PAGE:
Defined contribution health plans are gaining popularity with small and medium-sized businesses as a new alternative to employer-sponsored group health insurance plans. Rather than paying the costs to provide a specific group health plan benefit (a "defined benefit"), employers can fix their costs on a monthly basis by establishing a defined contribution health plan. Defined contribution health plans by themselves are not health insurance plans. With defined contribution health plans, both the employees and employers save on the cost of health insurance. A defined contribution health plan is set up using a Healthcare Reimbursement Plan (HRP).
Why Use Defined Contribution Software?
There are two main reasons why businesses should use Defined Contribution Software to administer their defined contribution plan: 1) Time savings/ease of use, and 2) Tax-savings/compliance.
1. Time Savings & Ease of Use
Good Defined Contribution Software removes the time, cost and complication
of offering health benefits. Employers that use Defined Contribution Software can expect to:
Administer a defined contribution health plan online in less than 5 minutes per month.
Integrate a defined contribution health plan with existing payroll or HR processes.
Manage the defined contribution health plan online 24/7.
2. Tax Savings & Compliance
Defined Contribution Software keeps the business in compliance with three key areas:
a) Tax Savings & IRS Compliance: The IRS requires that a formal defined contribution health plan (with IRS-compliant plan documents) be established in order for reimbursements to be tax-free for the employer, and employees.
b) Federal Compliance: The federal government has guidelines for employers who want to contribute to employee's IRS-qualified health insurance premiums under HIPAA and ERISA:
HIPAA (Medical Privacy): By using Defined Contribution Software, your software provider processes employees’ claims, keeping all medical information is HIPAA-protected. And, all receipts are stored in compliance with HIPAA for 10 years, as required by the IRS for audit purposes. The employer never sees employees’ medical information.
ERISA: Under ERISA, the employer is not allowed to “endorse” a specific individual health insurance plan. Defined Contribution Software keeps the employer ERISA-compliant because you never know what policies are purchased.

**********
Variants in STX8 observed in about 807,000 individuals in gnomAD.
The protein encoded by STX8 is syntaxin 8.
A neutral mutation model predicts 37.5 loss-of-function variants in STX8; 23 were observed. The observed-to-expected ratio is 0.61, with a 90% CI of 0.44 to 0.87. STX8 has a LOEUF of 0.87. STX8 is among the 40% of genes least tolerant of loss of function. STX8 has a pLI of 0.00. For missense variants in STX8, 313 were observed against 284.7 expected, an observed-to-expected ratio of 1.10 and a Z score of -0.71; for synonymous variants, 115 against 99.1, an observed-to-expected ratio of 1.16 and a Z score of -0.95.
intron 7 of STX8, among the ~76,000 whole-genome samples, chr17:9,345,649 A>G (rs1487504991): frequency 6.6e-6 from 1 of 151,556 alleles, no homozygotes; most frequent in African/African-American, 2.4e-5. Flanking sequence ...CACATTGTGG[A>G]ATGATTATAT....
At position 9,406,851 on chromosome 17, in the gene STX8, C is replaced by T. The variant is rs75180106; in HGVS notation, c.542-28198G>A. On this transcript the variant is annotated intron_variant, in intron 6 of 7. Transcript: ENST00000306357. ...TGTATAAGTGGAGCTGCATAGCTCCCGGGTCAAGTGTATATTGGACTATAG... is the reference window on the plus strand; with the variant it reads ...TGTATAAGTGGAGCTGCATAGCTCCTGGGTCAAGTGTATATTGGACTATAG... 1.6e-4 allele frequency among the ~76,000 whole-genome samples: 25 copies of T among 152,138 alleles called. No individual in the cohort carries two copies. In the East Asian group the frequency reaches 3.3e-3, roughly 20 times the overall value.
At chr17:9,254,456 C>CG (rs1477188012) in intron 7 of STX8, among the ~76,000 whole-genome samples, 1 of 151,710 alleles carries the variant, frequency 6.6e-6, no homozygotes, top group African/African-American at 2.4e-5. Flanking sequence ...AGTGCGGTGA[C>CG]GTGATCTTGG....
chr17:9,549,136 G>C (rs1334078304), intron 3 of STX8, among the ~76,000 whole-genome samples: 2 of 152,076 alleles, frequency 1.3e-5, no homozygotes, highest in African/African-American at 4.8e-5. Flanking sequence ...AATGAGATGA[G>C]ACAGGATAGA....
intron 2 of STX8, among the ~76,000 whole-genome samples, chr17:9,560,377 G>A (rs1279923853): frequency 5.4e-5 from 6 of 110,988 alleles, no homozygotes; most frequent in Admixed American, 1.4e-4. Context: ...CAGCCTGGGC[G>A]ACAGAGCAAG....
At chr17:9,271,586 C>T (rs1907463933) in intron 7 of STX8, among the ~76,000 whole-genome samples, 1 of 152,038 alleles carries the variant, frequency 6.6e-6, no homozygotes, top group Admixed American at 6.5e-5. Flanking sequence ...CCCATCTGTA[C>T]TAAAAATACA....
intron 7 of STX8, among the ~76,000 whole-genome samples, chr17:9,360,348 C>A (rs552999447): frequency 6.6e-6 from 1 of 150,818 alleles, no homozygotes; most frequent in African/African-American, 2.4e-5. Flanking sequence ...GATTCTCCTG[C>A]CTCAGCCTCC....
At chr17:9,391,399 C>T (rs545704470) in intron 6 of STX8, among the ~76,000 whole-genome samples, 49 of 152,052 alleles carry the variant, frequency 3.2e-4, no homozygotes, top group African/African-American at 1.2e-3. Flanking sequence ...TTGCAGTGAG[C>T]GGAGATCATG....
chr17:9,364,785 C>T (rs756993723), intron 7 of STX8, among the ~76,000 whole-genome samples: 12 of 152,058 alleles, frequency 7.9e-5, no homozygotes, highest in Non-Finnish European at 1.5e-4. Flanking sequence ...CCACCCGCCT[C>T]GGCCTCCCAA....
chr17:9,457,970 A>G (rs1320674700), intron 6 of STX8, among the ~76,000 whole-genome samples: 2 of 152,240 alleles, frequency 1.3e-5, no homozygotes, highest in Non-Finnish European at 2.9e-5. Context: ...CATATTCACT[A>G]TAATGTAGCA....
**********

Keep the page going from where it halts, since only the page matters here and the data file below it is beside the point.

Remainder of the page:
c) ACA/Health Care Reform: The Affordable Care Act (ACA) introduced new requirements for Defined Contribution health plans including how benefit information is presented to employees (Summary of Benefits & Coverage, or SBC), new reporting forms (720/5500), and new plan design requirements (ex: prohibition on annual limits). A good Defined Contribution Software provider makes sure you have the appropriate documents, data and plan settings in place to be ACA compliant.
Here's a summary chart of defined contribution compliance considerations:
FAQ: Can I Administer the Defined Contribution Health Plan Myself?
Technically, a company can self-administer its own defined contribution health plan, but failure to comply with the minimum federal administration requirements is common (and costly) without utilizing proper Defined Contribution Software. If an employer does utilize proper Defined Contribution Software to fully comply with the HRA, ERISA, HIPAA, COBRA and ACA regulations, the administrative cost likely outweighs the benefits.
FAQ: Can I Pay For Employees’ Insurance Premiums Without an Formal Defined Contribution Plan?
Some businesses might want to pay directly for an employee's individual health insurance plan without utilizing an ERISA and HIPAA-compliant platform, but doing so may put the business out of compliance with federal regulations and may increase the company’s (and employee's) tax liability.
Article updated September 23, 2013.